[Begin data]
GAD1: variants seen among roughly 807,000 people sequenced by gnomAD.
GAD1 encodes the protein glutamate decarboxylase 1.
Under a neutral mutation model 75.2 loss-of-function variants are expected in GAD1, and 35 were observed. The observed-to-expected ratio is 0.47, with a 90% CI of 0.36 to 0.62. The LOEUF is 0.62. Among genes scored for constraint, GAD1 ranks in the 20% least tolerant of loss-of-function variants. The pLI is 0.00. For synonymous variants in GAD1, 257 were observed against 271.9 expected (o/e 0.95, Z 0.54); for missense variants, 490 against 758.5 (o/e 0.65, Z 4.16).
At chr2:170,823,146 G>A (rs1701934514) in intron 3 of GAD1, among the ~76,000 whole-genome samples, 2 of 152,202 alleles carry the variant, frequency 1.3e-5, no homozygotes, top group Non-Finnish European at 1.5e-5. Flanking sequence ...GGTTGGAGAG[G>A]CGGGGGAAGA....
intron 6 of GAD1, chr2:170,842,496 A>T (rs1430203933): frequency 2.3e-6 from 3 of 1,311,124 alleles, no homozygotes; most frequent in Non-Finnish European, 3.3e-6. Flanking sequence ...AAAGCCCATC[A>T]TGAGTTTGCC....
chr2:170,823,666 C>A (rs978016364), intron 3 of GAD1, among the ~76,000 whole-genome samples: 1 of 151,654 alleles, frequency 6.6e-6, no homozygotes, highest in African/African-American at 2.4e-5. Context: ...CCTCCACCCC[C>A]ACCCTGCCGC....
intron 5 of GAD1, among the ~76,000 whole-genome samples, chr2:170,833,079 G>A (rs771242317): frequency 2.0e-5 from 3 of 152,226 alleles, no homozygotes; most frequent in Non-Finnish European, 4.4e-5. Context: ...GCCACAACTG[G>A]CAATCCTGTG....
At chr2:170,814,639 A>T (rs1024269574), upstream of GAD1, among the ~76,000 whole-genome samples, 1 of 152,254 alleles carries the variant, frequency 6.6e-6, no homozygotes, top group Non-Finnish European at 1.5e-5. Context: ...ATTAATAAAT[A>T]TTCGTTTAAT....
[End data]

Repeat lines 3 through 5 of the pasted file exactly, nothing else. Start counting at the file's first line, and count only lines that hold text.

Under a neutral mutation model 75.2 loss-of-function variants are expected in GAD1, and 35 were observed. The observed-to-expected ratio is 0.47, with a 90% CI of 0.36 to 0.62. The LOEUF is 0.62. Among genes scored for constraint, GAD1 ranks in the 20% least tolerant of loss-of-function variants. The pLI is 0.00. For synonymous variants in GAD1, 257 were observed against 271.9 expected (o/e 0.95, Z 0.54); for missense variants, 490 against 758.5 (o/e 0.65, Z 4.16).
At chr2:170,823,146 G>A (rs1701934514) in intron 3 of GAD1, among the ~76,000 whole-genome samples, 2 of 152,202 alleles carry the variant, frequency 1.3e-5, no homozygotes, top group Non-Finnish European at 1.5e-5. Flanking sequence ...GGTTGGAGAG[G>A]CGGGGGAAGA....
intron 6 of GAD1, chr2:170,842,496 A>T (rs1430203933): frequency 2.3e-6 from 3 of 1,311,124 alleles, no homozygotes; most frequent in Non-Finnish European, 3.3e-6. Flanking sequence ...AAAGCCCATC[A>T]TGAGTTTGCC....